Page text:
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BP Energy Outlook 2019 and CO2 emissions

March 20, 2019

In their annual Energy Outlook, BP identified the dual challenge of the need for more energy to support global economic growth and rising prosperity, and the need for transition to a lower carbon future.

They used a scenario approach to address uncertainties in demand and climate change action out to 2040.  They stress that scenarios are not forecasts but ways of exploring the implications of different judgements and assumptions. CEO Bob Dudley said that this approach “will give us flexibility and agility to meet uncertainty head on” – the principal goal of scenario planning.

The first scenario, which is discussed in most detail, is a simple evolutionary one: “Evolving Transition”. We might think of it as a base case: it assumes that government policies, technologies and societal preferences evolve much as they have done in the recent past.

Even so, some interesting conclusions emerge:

  • Global energy demand grows by a third to 2040, with energy consumed by industry and buildings accounting for 75% of the growth – transport energy demand slows due to vehicle efficiency;
  • As China shifts towards a more services-based economy, much of the growth in industrial production will be located in lower-income countries and regions, including India, Other Asia and Africa;
  • Renewables become the largest source of global power generation by 2040, penetrating the global power system faster than any fuel in history; demand for oil grows, before plateauing, coal consumption remains flat.
  • Global carbon emissions continue to rise, by 7% by 2040.

My take on that is that, unless something changes and despite the rapid growth of renewables, growing energy demand will continue to drive climate change, with potentially catastrophic consequences.

Another scenario, “Rapid Transition”, sounded more hopeful. This brings together policy action across many areas – gains in energy efficiency, a switch to lower carbon fuels, material use of Carbon Capture, and in the power sector a significant increase in the carbon price.  This delivers a 45% decline in carbon emissions by 2040 compared to today, but even this is only in the middle of projections that claim to meet the Paris climate goals.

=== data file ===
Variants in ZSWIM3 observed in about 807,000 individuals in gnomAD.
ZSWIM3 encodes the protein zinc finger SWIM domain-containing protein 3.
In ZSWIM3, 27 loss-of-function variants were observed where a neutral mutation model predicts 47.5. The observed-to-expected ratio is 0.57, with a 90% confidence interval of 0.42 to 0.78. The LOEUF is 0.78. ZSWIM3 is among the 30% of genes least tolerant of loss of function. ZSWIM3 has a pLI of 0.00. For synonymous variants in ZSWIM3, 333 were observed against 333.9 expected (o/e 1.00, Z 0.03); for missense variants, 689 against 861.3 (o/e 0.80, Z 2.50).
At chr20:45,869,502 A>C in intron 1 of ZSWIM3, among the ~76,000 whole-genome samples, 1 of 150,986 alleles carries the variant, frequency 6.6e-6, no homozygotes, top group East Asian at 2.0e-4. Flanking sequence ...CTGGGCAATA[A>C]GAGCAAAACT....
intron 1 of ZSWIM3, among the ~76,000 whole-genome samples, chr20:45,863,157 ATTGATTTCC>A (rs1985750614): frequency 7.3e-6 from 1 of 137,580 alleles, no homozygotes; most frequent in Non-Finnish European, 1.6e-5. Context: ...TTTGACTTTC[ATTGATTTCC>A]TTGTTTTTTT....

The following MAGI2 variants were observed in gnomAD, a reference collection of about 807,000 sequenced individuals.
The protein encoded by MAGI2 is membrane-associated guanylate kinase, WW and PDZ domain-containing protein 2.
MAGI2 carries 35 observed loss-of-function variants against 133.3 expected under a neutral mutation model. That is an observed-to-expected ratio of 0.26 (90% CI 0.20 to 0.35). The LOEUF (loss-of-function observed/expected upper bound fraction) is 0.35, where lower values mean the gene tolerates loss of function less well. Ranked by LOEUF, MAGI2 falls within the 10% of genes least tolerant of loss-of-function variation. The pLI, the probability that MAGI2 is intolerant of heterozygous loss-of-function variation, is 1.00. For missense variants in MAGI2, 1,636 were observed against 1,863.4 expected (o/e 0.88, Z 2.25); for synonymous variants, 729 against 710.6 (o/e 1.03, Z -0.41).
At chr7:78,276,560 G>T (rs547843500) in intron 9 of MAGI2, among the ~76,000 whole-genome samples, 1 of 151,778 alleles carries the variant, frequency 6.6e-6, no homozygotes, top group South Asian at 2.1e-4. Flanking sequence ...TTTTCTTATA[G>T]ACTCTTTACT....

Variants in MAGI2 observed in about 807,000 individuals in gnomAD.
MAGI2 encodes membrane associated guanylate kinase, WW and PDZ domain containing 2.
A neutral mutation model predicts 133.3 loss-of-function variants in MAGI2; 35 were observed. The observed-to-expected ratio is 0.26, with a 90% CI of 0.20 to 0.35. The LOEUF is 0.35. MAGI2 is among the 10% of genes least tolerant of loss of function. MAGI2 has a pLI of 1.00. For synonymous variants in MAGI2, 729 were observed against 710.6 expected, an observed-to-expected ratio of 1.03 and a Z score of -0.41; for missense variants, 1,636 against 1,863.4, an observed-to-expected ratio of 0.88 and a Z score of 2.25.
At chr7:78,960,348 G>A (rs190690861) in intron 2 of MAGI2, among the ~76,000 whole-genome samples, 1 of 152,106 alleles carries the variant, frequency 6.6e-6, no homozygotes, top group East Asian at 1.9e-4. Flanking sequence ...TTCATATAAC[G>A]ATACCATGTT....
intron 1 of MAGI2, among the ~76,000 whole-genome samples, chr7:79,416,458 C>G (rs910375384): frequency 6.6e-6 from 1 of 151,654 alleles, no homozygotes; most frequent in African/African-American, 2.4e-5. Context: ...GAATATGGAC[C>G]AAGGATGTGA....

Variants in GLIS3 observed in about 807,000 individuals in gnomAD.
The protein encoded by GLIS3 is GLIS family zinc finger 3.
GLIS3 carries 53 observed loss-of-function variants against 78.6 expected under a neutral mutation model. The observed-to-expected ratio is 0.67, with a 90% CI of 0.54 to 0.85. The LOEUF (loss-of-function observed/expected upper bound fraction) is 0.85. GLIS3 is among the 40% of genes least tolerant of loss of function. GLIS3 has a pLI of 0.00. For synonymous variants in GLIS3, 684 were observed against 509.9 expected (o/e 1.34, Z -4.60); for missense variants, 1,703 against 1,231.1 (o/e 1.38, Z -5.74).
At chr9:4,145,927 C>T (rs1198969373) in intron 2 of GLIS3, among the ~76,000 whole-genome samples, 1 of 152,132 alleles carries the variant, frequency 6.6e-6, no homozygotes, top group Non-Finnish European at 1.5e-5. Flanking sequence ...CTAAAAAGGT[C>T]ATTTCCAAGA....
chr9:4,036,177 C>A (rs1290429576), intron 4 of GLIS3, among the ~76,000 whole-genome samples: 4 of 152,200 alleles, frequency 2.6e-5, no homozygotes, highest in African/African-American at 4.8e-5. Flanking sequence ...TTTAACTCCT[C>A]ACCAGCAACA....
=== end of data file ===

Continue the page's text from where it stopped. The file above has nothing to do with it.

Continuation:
Significant levels of carbon emissions remain, and so to meet the Paris goals, the second half of the century would need to see the near-complete decarbonisation of the power sector together with greater electrification of end-use, supplemented by greater use of hydrogen and bio-energy.

Two other scenarios, “More energy” and “Less globalisation” explore different ends of the economic growth spectrum. The former, requiring 25% more energy than the Evolving Transition scenario, generates 28% more COemissions. Drily the Outlook comments this “highlights the need for further action to reduce carbon emissions”!

“Less globalisation” envisages escalating trade disputes that reduce global GDP growth and hence energy demand.  This means 5% less emissions than “Evolving Transition” but growth in emissions only beginning to plateau in 2040. Also there are concerns about energy security that drive more domestically-produced energy (fracking?) and less energy trade. The impact on net energy exporting countries could be de-stabilising.  Very little climate change benefit in return for the lack of prosperity and political risk.

BP energy outlook

Finally, the Outlook considers a “Single-use plastics ban”.  Even in the Evolving Transition scenario, the use of oil for plastics is assumed to decline due to increased environmentalist pressure. In this scenario, with an increasingly tight regulatory regime followed by an outright ban in 2040, oil demand grows more slowly, but ultimately depends on what alternative materials replace plastic.

Interestingly, in a classic and impressive way, BP is supporting its communication of the scenarios with animations (with more to come). Getting people to “live” alternative scenarios is made much easier if the basic story is supported by some evocative scenario names and illustrations.

Congratulations to BP for using scenarios so well for such an important issue. The implications for the planet are starkly shown, which is at least something that can be used as a call to action.

Written by Huw Williams, SAMI Principal

The views expressed are those of the author and not necessarily of SAMI Consulting.

SAMI Consulting was founded in 1989 by Shell and St Andrews University. They have undertaken scenario planning projects for a wide range of UK and international organisations. Their core skill is providing the link between futures research and strategy.

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